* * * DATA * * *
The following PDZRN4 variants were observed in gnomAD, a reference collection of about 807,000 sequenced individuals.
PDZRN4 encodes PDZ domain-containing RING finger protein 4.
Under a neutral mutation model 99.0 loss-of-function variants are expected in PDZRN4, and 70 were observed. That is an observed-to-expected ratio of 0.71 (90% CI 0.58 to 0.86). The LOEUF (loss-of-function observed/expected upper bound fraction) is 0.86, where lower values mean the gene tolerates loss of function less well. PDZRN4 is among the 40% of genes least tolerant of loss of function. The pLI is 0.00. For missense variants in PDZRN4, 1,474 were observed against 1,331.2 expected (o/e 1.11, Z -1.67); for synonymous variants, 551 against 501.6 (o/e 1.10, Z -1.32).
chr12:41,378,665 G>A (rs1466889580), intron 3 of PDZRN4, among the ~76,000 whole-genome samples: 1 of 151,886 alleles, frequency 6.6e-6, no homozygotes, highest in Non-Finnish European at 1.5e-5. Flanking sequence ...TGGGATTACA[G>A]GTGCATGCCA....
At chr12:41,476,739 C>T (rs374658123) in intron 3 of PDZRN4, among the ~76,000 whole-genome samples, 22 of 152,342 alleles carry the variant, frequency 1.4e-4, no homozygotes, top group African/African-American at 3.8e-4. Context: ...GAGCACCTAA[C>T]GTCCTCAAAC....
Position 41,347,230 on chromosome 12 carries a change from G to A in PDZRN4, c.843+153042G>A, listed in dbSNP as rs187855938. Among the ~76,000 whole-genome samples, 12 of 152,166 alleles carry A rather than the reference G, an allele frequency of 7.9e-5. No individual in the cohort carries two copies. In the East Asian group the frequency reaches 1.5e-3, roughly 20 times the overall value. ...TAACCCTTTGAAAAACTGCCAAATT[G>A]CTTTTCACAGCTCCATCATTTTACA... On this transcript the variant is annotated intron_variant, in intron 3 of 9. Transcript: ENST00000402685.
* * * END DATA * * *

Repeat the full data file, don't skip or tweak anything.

The following PDZRN4 variants were observed in gnomAD, a reference collection of about 807,000 sequenced individuals.
PDZRN4 encodes PDZ domain-containing RING finger protein 4.
Under a neutral mutation model 99.0 loss-of-function variants are expected in PDZRN4, and 70 were observed. That is an observed-to-expected ratio of 0.71 (90% CI 0.58 to 0.86). The LOEUF (loss-of-function observed/expected upper bound fraction) is 0.86, where lower values mean the gene tolerates loss of function less well. PDZRN4 is among the 40% of genes least tolerant of loss of function. The pLI is 0.00. For missense variants in PDZRN4, 1,474 were observed against 1,331.2 expected (o/e 1.11, Z -1.67); for synonymous variants, 551 against 501.6 (o/e 1.10, Z -1.32).
chr12:41,378,665 G>A (rs1466889580), intron 3 of PDZRN4, among the ~76,000 whole-genome samples: 1 of 151,886 alleles, frequency 6.6e-6, no homozygotes, highest in Non-Finnish European at 1.5e-5. Flanking sequence ...TGGGATTACA[G>A]GTGCATGCCA....
At chr12:41,476,739 C>T (rs374658123) in intron 3 of PDZRN4, among the ~76,000 whole-genome samples, 22 of 152,342 alleles carry the variant, frequency 1.4e-4, no homozygotes, top group African/African-American at 3.8e-4. Context: ...GAGCACCTAA[C>T]GTCCTCAAAC....
Position 41,347,230 on chromosome 12 carries a change from G to A in PDZRN4, c.843+153042G>A, listed in dbSNP as rs187855938. Among the ~76,000 whole-genome samples, 12 of 152,166 alleles carry A rather than the reference G, an allele frequency of 7.9e-5. No individual in the cohort carries two copies. In the East Asian group the frequency reaches 1.5e-3, roughly 20 times the overall value. ...TAACCCTTTGAAAAACTGCCAAATT[G>A]CTTTTCACAGCTCCATCATTTTACA... On this transcript the variant is annotated intron_variant, in intron 3 of 9. Transcript: ENST00000402685.